But I'm not sure that what I experienced on a recent Friday night at the three-month-old Kokopelli Mexican Cantina was a miracle. It was probably just a very weird coincidence. I was eating dinner with my friends Bob and Gia and Gia's 9-year-old kid, Johnny, when Evelyn "Champagne" King's 1978 disco hit "Shame" started playing over the sound system. I suddenly remembered the first time I heard that song: I was working as a newly minted waiter at a Mexican restaurant in my hometown, and the shrill horns on the record surprised me so much that I nearly dropped a bowl of hot chili con queso in the lap of my middle-aged customer, who yelled at me. I felt "Shame" all right.
Back in the present, at the very moment "Shame" started playing at Kokopelli, our not-so-young waitress brought out a bubbling order of the restaurant's cheesy Santa Fe dip, served in a fluted tortilla bowl.
"Who sings this song?" Gia asked as she dipped a warm tortilla into the gooey, spinach-flecked sauce. "Gloria Gaynor?"
Before I could correct her, the next song started playing -- and it was Gloria Gaynor, singing "I Will Survive." That was immediately followed by another diva hit from 1978, Alicia Bridges' "I Love the Nightlife."
We all agreed it was an odd music mix for a Mexican restaurant in squaresville Prairie Village, particularly in a place where the average age is considerably older than the disco generation. But little Johnny started jumping up and down in his seat when the Bee Gees' "Night Fever" boomed through the dining room.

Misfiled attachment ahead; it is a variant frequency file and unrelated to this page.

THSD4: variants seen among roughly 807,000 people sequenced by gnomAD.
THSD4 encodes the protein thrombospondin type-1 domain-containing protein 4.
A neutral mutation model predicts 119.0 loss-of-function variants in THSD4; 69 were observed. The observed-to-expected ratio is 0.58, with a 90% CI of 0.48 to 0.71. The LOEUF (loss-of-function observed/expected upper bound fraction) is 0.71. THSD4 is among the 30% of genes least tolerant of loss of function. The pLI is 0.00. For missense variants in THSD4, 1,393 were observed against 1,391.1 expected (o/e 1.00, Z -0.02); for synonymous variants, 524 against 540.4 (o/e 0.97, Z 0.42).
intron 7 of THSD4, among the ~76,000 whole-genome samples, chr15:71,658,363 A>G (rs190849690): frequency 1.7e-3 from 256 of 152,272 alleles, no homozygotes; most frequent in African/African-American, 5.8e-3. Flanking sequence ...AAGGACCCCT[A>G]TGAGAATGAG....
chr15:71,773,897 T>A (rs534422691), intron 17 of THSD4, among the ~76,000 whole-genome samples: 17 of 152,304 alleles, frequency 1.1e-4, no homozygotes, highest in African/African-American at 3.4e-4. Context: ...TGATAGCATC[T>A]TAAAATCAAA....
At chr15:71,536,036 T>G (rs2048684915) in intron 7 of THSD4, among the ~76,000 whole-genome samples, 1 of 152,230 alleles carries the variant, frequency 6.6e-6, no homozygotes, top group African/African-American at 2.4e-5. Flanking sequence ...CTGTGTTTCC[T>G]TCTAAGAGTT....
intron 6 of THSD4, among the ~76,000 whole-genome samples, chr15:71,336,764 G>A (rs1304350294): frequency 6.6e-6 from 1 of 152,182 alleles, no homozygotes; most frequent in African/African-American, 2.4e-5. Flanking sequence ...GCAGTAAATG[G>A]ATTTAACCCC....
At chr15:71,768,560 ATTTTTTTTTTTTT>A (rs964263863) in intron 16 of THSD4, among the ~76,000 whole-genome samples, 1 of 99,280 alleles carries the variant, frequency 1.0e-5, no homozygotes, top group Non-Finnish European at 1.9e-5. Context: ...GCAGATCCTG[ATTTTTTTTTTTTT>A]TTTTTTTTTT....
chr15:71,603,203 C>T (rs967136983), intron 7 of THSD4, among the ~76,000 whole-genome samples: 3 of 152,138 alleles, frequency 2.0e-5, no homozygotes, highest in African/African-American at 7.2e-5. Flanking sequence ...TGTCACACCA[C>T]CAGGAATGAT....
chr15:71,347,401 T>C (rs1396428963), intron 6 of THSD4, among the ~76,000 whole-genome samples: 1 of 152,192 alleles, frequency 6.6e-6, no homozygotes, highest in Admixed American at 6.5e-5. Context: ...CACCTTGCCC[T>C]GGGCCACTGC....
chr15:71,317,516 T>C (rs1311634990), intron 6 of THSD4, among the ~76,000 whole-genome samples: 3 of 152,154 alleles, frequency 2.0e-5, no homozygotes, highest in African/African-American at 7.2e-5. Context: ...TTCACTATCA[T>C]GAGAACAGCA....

"Johnny just loves disco," Gia announced as the kid waved his arms around.
"I did, too -- when I was his age," I said, pointing to a lithe young waiter in a black T-shirt passing our table.
"It's coming back," Gia said.
Well, everything does. Music, fashion ... even restaurants. Six months ago, this very dining room had been the second incarnation of the Michael Forbes Grill, modeled loosely on the dark and clubby restaurant of the same name once located at 75th Street and Wornall Road. But the concept tanked for numerous reasons. "Part of it was the economy after the war in Iraq started," says owner Kevin Lyman. "Part of it was a menu that was too big. The kitchen could be inconsistent with so many items. Part of it was the neighborhood. It's an older clientele out here, a tough crowd."
On August 7, Lyman and his wife, Tammy, closed Michael Forbes Grill. Out went the 55-item menu, the little framed vintage photographs of pre-disco Kansas City, the fried catfish dinners and, for the most part, the influence of former partner Forbes Cross.
Three days later, the Lymans reopened the restaurant as the freshly redecorated Kokopelli, which serves many of the Mexican dishes that the young couple had offered when they owned the popular Lee's Summit cantina known as Habanero's Mexican Restaurant. Kevin Lyman signed a two-year noncompete contract when he sold Habanero's in 2001, but he'd always planned on opening another Mexican restaurant.
"And when we started losing money at Michael Forbes, I knew it was time for a change," he said.
That included a provocative new name, inspired by the silhouetted figure of the Native American Kokopelli -- "fertility god, prankster, healer and storyteller," according to Lyman's menu. Lyman worried that the name might turn off some of his conservative customers. But, he said, "From the minute we opened the doors, female patrons showed me their Kokopelli earrings, their necklaces, their bracelets. It's a lot more recognized as a positive symbol than I had imagined."